Healthcare is much more complex than most other businesses, and overly simplistic solutions such as saying “there’s an app for that” do not do it justice. Technology is a great enabler, but we need to develop suitable clinical models that utilise it to good clinical effect. That requires collaboration and a great degree of patience by everyone involved.

  • Ernest Semerda

    Market exists. Execution is key.
    See this: “Remote patient monitoring to save $36B by 2018″

  • georgemargelis

    Ernest, whilst I am a big fan of digital technology in healthcare, I am also by training a physician and a scientist. As such I am a slave to the evidence and the data. Unfortunately the report you quote provides neither. Analysts predictions in this space have proven to be spectacularly wrong in the past, and from what I can see on this report, I believe it too is wrong.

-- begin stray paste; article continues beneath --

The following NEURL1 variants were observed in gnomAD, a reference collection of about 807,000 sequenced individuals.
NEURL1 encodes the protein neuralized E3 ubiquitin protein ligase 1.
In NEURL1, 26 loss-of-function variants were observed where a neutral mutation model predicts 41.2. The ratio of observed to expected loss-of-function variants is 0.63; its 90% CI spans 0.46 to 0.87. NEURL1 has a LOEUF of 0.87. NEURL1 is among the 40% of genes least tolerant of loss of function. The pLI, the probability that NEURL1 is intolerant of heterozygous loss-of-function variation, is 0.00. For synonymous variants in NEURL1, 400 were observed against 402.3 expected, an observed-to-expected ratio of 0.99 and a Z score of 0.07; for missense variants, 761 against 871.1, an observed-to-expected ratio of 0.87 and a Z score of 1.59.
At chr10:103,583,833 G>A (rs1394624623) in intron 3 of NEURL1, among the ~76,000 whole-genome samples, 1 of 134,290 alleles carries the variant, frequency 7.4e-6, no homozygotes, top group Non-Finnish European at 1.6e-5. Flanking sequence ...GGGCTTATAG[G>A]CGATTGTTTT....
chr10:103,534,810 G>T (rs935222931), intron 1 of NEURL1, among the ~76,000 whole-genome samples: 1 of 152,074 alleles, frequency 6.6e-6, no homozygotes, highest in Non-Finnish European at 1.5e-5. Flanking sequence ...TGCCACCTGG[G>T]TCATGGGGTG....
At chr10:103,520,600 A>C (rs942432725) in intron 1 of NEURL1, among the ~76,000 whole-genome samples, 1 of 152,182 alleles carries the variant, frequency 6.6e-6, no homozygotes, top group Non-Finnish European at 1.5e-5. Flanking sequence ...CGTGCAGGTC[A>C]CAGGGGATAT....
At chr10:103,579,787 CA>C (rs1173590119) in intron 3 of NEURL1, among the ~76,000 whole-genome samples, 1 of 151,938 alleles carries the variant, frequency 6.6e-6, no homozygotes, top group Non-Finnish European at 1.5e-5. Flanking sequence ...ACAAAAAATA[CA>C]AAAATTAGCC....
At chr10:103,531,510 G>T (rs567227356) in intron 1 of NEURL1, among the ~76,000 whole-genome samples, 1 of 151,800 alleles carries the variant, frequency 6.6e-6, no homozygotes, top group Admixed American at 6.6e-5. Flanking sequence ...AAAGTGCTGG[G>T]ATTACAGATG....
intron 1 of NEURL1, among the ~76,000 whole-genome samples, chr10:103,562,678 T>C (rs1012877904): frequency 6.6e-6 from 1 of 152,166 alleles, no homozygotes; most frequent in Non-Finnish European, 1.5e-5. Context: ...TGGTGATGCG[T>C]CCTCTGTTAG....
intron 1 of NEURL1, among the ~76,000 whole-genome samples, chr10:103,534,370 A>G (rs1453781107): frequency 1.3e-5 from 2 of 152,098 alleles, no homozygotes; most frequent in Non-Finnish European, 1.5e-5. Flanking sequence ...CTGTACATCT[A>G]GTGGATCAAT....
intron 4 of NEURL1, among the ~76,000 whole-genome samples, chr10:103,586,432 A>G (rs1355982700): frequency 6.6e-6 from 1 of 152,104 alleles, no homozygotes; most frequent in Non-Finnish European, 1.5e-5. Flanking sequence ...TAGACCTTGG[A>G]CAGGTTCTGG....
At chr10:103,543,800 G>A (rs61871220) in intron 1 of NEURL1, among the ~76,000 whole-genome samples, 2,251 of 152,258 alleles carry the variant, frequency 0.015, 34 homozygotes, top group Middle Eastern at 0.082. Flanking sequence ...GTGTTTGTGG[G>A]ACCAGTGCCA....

To date the evidence around Remote Patient Monitoring is at best ambiguous, and at worst indicative that it is of little if any value clinically. Studies by Mayo and John Hopkins have both shown no clinical benefit of currently available technologies.

    This is not to say that the technologies are not useful. However they are only useful in a clinical model of care that they have as yet not developed. There is good evidence that collaborative models of care that engage the patient and ensure a patient and their clinicians comply to an evidence based guideline can provide better outcomes. Capturing data remotely is a very small part of that model. The real “secret sauce” is in selecting the right patients, driving the relevant behavioural change, and ensuring they are receiving the right care. That requires clinician input, academic rigour in the evaluation, and policy support for reimbursement models that compensate the various stakeholders involved.